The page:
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  1. #1
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    New bike tune up?

    Might be a dumb one, but what the heck. When everyone is talking about tuning up the bike after it is shipped / received.
    What should i be looking for?
    I recently purchased a Downtube IX NS, I havent ridden it yet, but would like to have an idea about what to be aware of.
    Thanks in advance.
    Tony

  2. #2
    Eschew Obfuscation SesameCrunch's Avatar
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    Primarily, the tune up is to check that brakes, derailleurs, wheels, etc., are safe and functioning properly. When one buys through an LBS, the shop technicians will perform these checks. When buying over the Internet, this isn't available. If you're familiar with bike maintenance, you can do this yourself.

    For the Downtubes in particular, I would strongly recommend you have the LBS pull the bottom bracket and grease it properly. Trust me on this one. Otherwise, my 3 new Downtube purchases have all come out of the box in very good form, including an IXNS this week.

  3. #3
    Tornado of Teeth
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    Sesame, you're addicted! He's right too antne, unless you know what to be looking for, take it to the shop. Greasing the BB is extra, but only a couple bucks probably. Also, make sure they check the truing of the wheels.

    Did you see my response to your light and tire pump/gauge question?

  4. #4
    Eschew Obfuscation SesameCrunch's Avatar
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    Quote Originally Posted by BigMacFU
    Sesame, you're addicted!
    My friends have threatened intervention if I get any more folding bikes. Heh heh.

    I have one for fast recreational riding, one set up as a hybrid for riding around town and an FS for dirt. This doesn't count the Mini I got for my mother-in-law. I am still lusting after the internal hub models too.

    Oh well, if I wasn't spending the money on bikes, I'd be out spending it on golf or something....

  5. #5
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    hi all,

    Guys,
    I'm taking your advice and will be bringing my downtube to the LBS. i'd rather have it done right the frist time.
    BigMac,
    I did read your other response, TY. i already purchased a Topeak pump. great idea to have the Pressure gauge on the pump. i'm waiting for it to be shipped.
    Sesame,
    Thanks for your response, you guys on this forum are great.
    Tony

  6. #6
    Senior Member downtube's Avatar
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    I just created a quick checklist for you (and the bikeshop tech):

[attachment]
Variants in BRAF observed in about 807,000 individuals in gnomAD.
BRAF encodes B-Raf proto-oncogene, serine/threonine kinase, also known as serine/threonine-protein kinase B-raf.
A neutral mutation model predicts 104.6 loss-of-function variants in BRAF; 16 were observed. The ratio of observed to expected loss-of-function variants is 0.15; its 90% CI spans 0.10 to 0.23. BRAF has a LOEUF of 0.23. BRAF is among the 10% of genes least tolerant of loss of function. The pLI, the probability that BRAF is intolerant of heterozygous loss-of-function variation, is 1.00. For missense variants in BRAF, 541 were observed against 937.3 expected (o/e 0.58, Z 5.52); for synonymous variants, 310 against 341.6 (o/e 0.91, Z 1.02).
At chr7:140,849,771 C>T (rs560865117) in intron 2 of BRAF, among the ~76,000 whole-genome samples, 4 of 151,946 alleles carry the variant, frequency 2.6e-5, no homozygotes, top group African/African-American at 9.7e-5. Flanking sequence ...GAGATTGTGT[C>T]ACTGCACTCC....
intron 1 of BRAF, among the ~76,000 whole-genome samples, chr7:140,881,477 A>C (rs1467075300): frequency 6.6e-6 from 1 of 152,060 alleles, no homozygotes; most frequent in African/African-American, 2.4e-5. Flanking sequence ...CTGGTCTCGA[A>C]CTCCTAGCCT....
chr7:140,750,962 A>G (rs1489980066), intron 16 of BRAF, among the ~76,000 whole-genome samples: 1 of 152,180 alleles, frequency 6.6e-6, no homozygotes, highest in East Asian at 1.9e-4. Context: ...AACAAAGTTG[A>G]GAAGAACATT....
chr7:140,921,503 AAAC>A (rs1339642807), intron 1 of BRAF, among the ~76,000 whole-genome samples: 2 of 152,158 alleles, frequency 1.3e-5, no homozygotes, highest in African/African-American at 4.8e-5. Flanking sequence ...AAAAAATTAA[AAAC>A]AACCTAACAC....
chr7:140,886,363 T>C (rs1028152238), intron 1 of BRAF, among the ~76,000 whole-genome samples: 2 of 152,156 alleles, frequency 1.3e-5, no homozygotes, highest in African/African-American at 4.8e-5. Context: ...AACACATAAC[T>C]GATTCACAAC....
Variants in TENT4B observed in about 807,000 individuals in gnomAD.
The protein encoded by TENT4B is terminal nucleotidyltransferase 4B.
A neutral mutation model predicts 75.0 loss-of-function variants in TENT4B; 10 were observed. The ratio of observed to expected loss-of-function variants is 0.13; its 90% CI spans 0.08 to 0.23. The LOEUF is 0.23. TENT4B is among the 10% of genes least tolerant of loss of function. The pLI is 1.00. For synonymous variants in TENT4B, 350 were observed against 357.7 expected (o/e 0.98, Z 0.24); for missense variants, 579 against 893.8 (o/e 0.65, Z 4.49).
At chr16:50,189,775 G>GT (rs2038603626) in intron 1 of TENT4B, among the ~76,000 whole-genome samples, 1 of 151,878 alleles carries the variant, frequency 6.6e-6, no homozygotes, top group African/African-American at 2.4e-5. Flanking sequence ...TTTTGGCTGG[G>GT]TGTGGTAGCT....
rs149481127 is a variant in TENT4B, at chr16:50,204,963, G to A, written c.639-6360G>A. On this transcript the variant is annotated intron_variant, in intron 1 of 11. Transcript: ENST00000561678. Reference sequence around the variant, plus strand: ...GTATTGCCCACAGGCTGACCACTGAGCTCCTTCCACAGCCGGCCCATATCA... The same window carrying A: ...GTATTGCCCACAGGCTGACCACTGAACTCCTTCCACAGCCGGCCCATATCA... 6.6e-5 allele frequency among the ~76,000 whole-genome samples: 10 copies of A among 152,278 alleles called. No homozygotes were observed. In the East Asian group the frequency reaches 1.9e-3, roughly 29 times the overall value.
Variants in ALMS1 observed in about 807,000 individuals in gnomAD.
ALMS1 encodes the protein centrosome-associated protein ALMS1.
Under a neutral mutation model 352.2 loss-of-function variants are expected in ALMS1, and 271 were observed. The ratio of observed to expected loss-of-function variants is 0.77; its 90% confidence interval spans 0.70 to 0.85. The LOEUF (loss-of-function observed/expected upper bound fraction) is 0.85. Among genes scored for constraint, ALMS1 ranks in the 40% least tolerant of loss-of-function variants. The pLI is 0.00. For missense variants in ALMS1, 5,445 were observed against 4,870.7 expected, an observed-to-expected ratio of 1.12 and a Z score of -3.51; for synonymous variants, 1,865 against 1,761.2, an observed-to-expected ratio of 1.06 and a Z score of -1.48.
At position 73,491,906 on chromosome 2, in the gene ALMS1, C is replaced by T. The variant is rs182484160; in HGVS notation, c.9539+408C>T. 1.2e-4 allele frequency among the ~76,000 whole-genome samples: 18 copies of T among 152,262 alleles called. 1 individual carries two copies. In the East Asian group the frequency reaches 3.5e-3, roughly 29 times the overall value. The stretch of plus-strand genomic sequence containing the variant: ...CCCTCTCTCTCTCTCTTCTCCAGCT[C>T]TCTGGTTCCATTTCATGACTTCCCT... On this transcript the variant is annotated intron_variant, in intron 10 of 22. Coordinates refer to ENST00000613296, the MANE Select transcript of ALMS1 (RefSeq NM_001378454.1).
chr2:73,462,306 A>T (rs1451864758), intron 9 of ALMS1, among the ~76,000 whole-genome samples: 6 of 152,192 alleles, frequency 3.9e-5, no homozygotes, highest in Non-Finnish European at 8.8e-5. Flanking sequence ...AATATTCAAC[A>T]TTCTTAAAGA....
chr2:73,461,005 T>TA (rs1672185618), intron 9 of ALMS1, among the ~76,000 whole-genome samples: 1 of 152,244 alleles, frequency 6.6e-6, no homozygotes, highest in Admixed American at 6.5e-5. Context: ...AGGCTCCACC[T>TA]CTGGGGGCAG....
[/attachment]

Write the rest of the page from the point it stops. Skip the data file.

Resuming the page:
1. Check to make sure all quick releases are tight, especially the one on the frame and stem.
    2. Check the stem to make sure it is attached properly. It is especially important to make sure the quill of the stem is tight; if it is loose it may cause the rider to lose control.
    3. Check the headset to make sure it is not too tight (or loose).
    4. Check brakes and make sure they are toed in to eliminate noise while braking
    5. Check shifting and inspect the rear derailleur hanger.
    6. Make sure the brake, derailleur, and stem bolts are tight, but not overtight.
    7. Tighten (do not overtighten) crank bolts and pedals.
    8. The brakes and shifter should be oriented in a comfortable manner for the rider.
    9. The bar ends should be oriented upward for riders that intend on cruising slowly, they should point down for riders that want to get into an aerodynamic tuck position.
    10. The stem angle should be close to +60 degrees (pointing up) for riders that want a comfortable cruiser style ride. The angle should be close to 0 degrees for aggressive faster riders. The stem can be flipped (on our 20” bikes) by removing the handlebar and orienting the stem to point inward towards the rider, and replacing the handlebar. Doing so will give the rider 60 extra degrees of adjustment…..altogether 120 of 180 degrees will be possible.
    11. The saddle should have and angle between 0 and -5 (pointing down 5 degrees) degrees. A lower angle is more comfortable to sit on. However when the angle is too small the rider will slide down while riding, causing discomfort. It is best to start with a saddle at 0 degrees (parallel to the ground) and go down until the rider feels comfortable sitting with a maximum downward angle of -5 degrees.
    12. The proper seatpost height is very important. Most novice cyclists ride with a seatpost that is too low. This will cause the rider to work very hard even at slow speeds, additionally it may cause knee pain. It is also unsafe for the saddle to be too high. A high saddle may allow the riders knee to lock out in a straight position while pedaling. This may cause serious knee damage, hence NEVER allow your knee to be completely straight when pedaling. Ideally a rider should have a slight knee bend while the foot is at its furthest point from his/her hip. A 35 degree angle at the bone (not the visual angle you see…. use a tool to measure) at the furthest point is optimal.
    13. Check the bearings at the hubs, and bottom bracket, lube if necessary.
    14. Inspect the frame, especially the swingarm on the full suspension bike. Make sure all bolts on the full suspension swingarm are tight.